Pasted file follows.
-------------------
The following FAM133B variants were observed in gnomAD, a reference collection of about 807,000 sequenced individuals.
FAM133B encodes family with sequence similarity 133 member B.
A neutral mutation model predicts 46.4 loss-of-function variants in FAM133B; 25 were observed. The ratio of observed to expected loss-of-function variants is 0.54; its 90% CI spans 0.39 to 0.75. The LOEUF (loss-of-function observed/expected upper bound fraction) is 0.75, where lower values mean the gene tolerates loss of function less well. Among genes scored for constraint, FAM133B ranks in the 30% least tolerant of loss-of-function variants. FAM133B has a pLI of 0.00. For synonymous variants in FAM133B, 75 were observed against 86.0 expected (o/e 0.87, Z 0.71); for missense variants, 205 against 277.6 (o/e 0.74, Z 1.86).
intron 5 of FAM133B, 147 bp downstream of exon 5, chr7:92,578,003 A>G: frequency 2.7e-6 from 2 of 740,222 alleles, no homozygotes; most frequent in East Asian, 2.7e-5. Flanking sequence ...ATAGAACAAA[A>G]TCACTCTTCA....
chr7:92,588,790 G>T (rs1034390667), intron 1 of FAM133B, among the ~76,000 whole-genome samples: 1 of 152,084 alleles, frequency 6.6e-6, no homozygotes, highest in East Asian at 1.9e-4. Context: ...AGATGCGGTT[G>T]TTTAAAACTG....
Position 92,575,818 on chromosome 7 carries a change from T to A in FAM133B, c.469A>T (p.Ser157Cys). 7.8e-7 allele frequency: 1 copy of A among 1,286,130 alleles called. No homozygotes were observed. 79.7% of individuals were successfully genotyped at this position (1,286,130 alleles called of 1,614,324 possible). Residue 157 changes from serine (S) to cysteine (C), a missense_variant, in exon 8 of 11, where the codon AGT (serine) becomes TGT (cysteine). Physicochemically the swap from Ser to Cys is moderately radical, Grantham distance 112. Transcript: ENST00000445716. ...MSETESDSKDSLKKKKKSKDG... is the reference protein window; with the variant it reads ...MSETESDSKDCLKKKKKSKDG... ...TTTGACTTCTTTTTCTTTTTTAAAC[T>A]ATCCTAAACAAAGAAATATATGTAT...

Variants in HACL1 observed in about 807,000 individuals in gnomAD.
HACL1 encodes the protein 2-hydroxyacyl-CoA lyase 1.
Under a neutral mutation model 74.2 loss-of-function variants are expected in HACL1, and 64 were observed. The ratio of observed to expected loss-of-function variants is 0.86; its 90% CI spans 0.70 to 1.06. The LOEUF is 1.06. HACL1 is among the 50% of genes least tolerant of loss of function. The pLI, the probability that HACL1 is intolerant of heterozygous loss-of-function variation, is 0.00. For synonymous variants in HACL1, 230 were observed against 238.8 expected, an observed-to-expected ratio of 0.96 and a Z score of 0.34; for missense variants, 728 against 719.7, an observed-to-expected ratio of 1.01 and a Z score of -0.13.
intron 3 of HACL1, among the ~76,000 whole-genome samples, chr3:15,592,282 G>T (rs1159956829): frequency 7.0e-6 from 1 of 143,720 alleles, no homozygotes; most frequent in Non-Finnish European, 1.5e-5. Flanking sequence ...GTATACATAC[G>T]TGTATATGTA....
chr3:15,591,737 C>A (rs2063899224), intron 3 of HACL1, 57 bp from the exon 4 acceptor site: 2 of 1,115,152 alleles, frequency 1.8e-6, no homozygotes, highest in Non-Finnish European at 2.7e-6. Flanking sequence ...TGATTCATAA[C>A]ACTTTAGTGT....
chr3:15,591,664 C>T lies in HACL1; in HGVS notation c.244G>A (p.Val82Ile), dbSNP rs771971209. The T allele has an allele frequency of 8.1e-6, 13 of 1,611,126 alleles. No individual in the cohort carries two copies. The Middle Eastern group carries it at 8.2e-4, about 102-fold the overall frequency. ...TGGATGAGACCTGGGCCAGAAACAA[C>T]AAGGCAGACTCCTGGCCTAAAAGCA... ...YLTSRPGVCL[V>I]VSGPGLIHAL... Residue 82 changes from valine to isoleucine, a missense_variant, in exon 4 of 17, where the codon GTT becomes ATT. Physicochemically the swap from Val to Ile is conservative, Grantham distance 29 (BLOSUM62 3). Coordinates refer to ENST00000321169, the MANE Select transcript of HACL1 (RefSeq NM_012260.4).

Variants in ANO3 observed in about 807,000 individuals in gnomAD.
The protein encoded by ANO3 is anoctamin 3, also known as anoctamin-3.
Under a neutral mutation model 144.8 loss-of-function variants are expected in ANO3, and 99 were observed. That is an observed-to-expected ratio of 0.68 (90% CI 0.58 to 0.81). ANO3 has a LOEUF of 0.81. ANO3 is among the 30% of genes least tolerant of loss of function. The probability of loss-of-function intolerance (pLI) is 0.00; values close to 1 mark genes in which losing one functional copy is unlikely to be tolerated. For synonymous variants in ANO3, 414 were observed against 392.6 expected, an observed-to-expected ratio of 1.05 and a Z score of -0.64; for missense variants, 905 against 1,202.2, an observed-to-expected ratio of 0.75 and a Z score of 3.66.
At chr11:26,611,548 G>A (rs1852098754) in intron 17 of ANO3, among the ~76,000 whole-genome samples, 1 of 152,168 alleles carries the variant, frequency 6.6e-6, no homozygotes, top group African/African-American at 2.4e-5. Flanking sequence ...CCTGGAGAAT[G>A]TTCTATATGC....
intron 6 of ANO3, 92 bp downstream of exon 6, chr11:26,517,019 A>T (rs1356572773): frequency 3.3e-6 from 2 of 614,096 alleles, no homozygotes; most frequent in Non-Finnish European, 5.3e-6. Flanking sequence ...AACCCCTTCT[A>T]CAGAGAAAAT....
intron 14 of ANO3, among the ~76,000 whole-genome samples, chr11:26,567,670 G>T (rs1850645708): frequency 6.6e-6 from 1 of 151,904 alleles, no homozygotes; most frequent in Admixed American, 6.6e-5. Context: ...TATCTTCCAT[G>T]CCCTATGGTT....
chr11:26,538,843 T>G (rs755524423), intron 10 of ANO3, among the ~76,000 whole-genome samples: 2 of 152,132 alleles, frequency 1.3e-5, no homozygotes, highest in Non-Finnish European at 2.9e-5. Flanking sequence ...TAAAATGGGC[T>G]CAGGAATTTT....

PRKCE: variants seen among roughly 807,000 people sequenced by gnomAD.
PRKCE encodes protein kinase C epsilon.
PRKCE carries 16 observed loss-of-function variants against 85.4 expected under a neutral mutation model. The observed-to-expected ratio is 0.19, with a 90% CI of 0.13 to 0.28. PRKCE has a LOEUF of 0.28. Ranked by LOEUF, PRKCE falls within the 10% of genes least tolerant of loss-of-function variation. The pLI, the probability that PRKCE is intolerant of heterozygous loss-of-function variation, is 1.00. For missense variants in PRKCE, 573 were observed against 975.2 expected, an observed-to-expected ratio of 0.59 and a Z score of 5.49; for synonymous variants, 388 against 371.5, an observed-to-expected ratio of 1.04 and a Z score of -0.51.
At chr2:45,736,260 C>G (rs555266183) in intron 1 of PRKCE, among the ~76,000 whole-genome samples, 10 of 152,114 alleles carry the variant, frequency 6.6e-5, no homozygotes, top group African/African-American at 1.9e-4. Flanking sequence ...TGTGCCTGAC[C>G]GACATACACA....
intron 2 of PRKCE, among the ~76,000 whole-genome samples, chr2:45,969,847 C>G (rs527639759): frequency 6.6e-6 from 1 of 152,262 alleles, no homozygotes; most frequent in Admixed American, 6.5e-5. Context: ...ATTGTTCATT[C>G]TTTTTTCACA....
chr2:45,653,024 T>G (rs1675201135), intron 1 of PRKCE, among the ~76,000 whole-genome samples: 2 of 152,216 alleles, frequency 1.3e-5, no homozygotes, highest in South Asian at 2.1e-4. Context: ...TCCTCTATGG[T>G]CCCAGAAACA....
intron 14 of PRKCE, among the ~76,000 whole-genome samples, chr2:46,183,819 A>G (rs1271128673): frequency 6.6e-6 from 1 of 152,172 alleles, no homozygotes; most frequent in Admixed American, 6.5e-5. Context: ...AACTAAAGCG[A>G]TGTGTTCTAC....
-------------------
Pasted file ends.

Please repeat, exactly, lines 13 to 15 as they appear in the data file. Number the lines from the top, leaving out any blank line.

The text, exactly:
Variants in ANO3 observed in about 807,000 individuals in gnomAD.
The protein encoded by ANO3 is anoctamin 3, also known as anoctamin-3.
Under a neutral mutation model 144.8 loss-of-function variants are expected in ANO3, and 99 were observed. That is an observed-to-expected ratio of 0.68 (90% CI 0.58 to 0.81). ANO3 has a LOEUF of 0.81. ANO3 is among the 30% of genes least tolerant of loss of function. The probability of loss-of-function intolerance (pLI) is 0.00; values close to 1 mark genes in which losing one functional copy is unlikely to be tolerated. For synonymous variants in ANO3, 414 were observed against 392.6 expected, an observed-to-expected ratio of 1.05 and a Z score of -0.64; for missense variants, 905 against 1,202.2, an observed-to-expected ratio of 0.75 and a Z score of 3.66.